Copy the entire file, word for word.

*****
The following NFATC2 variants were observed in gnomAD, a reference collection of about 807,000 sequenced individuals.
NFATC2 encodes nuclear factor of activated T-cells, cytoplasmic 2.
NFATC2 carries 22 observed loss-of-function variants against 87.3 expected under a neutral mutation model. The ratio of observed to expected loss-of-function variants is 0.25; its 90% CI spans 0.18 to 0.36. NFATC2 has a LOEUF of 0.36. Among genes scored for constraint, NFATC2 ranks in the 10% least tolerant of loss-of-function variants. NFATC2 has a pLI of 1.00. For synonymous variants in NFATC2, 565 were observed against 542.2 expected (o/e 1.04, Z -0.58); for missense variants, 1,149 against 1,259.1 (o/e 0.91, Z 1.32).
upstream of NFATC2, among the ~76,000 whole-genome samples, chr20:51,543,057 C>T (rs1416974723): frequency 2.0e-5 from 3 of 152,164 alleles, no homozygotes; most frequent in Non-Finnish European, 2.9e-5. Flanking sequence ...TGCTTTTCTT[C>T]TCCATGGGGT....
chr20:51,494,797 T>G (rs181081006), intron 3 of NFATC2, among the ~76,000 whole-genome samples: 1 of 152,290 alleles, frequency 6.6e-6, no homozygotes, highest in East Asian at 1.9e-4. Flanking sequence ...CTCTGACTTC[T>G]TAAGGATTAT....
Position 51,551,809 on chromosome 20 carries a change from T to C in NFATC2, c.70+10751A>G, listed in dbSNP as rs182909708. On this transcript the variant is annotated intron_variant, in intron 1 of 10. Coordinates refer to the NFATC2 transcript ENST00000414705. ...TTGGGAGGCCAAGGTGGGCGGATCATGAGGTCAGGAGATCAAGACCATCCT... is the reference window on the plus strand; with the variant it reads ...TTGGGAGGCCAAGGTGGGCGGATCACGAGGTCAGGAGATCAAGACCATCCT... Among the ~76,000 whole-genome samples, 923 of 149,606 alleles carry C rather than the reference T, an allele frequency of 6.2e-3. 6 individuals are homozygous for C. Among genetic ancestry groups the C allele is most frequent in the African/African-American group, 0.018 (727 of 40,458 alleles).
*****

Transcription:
The following NFATC2 variants were observed in gnomAD, a reference collection of about 807,000 sequenced individuals.
NFATC2 encodes nuclear factor of activated T-cells, cytoplasmic 2.
NFATC2 carries 22 observed loss-of-function variants against 87.3 expected under a neutral mutation model. The ratio of observed to expected loss-of-function variants is 0.25; its 90% CI spans 0.18 to 0.36. NFATC2 has a LOEUF of 0.36. Among genes scored for constraint, NFATC2 ranks in the 10% least tolerant of loss-of-function variants. NFATC2 has a pLI of 1.00. For synonymous variants in NFATC2, 565 were observed against 542.2 expected (o/e 1.04, Z -0.58); for missense variants, 1,149 against 1,259.1 (o/e 0.91, Z 1.32).
upstream of NFATC2, among the ~76,000 whole-genome samples, chr20:51,543,057 C>T (rs1416974723): frequency 2.0e-5 from 3 of 152,164 alleles, no homozygotes; most frequent in Non-Finnish European, 2.9e-5. Flanking sequence ...TGCTTTTCTT[C>T]TCCATGGGGT....
chr20:51,494,797 T>G (rs181081006), intron 3 of NFATC2, among the ~76,000 whole-genome samples: 1 of 152,290 alleles, frequency 6.6e-6, no homozygotes, highest in East Asian at 1.9e-4. Flanking sequence ...CTCTGACTTC[T>G]TAAGGATTAT....
Position 51,551,809 on chromosome 20 carries a change from T to C in NFATC2, c.70+10751A>G, listed in dbSNP as rs182909708. On this transcript the variant is annotated intron_variant, in intron 1 of 10. Coordinates refer to the NFATC2 transcript ENST00000414705. ...TTGGGAGGCCAAGGTGGGCGGATCATGAGGTCAGGAGATCAAGACCATCCT... is the reference window on the plus strand; with the variant it reads ...TTGGGAGGCCAAGGTGGGCGGATCACGAGGTCAGGAGATCAAGACCATCCT... Among the ~76,000 whole-genome samples, 923 of 149,606 alleles carry C rather than the reference T, an allele frequency of 6.2e-3. 6 individuals are homozygous for C. Among genetic ancestry groups the C allele is most frequent in the African/African-American group, 0.018 (727 of 40,458 alleles).